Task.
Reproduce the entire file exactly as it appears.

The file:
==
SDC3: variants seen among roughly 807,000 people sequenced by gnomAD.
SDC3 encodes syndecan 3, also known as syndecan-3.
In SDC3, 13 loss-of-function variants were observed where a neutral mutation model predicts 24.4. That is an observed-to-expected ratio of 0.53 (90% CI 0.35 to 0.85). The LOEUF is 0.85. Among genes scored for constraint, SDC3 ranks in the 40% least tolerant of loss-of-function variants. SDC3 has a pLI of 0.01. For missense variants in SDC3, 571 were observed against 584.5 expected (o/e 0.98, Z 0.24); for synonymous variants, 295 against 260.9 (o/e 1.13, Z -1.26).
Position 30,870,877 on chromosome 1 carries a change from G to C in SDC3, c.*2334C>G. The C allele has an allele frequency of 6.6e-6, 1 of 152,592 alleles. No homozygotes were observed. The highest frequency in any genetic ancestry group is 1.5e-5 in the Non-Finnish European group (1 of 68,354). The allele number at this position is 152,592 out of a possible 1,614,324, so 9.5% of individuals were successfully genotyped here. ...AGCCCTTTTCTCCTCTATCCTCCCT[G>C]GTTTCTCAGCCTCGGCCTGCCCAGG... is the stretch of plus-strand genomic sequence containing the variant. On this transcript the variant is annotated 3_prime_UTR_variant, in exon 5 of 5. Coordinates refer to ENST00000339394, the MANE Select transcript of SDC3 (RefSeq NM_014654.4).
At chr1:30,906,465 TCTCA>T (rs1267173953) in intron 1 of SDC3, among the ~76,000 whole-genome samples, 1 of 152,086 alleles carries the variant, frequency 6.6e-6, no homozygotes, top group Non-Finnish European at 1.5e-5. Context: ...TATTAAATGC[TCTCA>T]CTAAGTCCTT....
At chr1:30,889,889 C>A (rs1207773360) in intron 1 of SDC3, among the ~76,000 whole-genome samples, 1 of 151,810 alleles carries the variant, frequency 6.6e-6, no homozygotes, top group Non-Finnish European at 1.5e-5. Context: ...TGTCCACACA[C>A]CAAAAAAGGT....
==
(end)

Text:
SDC3: variants seen among roughly 807,000 people sequenced by gnomAD.
SDC3 encodes syndecan 3, also known as syndecan-3.
In SDC3, 13 loss-of-function variants were observed where a neutral mutation model predicts 24.4. That is an observed-to-expected ratio of 0.53 (90% CI 0.35 to 0.85). The LOEUF is 0.85. Among genes scored for constraint, SDC3 ranks in the 40% least tolerant of loss-of-function variants. SDC3 has a pLI of 0.01. For missense variants in SDC3, 571 were observed against 584.5 expected (o/e 0.98, Z 0.24); for synonymous variants, 295 against 260.9 (o/e 1.13, Z -1.26).
Position 30,870,877 on chromosome 1 carries a change from G to C in SDC3, c.*2334C>G. The C allele has an allele frequency of 6.6e-6, 1 of 152,592 alleles. No homozygotes were observed. The highest frequency in any genetic ancestry group is 1.5e-5 in the Non-Finnish European group (1 of 68,354). The allele number at this position is 152,592 out of a possible 1,614,324, so 9.5% of individuals were successfully genotyped here. ...AGCCCTTTTCTCCTCTATCCTCCCT[G>C]GTTTCTCAGCCTCGGCCTGCCCAGG... is the stretch of plus-strand genomic sequence containing the variant. On this transcript the variant is annotated 3_prime_UTR_variant, in exon 5 of 5. Coordinates refer to ENST00000339394, the MANE Select transcript of SDC3 (RefSeq NM_014654.4).
At chr1:30,906,465 TCTCA>T (rs1267173953) in intron 1 of SDC3, among the ~76,000 whole-genome samples, 1 of 152,086 alleles carries the variant, frequency 6.6e-6, no homozygotes, top group Non-Finnish European at 1.5e-5. Context: ...TATTAAATGC[TCTCA>T]CTAAGTCCTT....
At chr1:30,889,889 C>A (rs1207773360) in intron 1 of SDC3, among the ~76,000 whole-genome samples, 1 of 151,810 alleles carries the variant, frequency 6.6e-6, no homozygotes, top group Non-Finnish European at 1.5e-5. Context: ...TGTCCACACA[C>A]CAAAAAAGGT....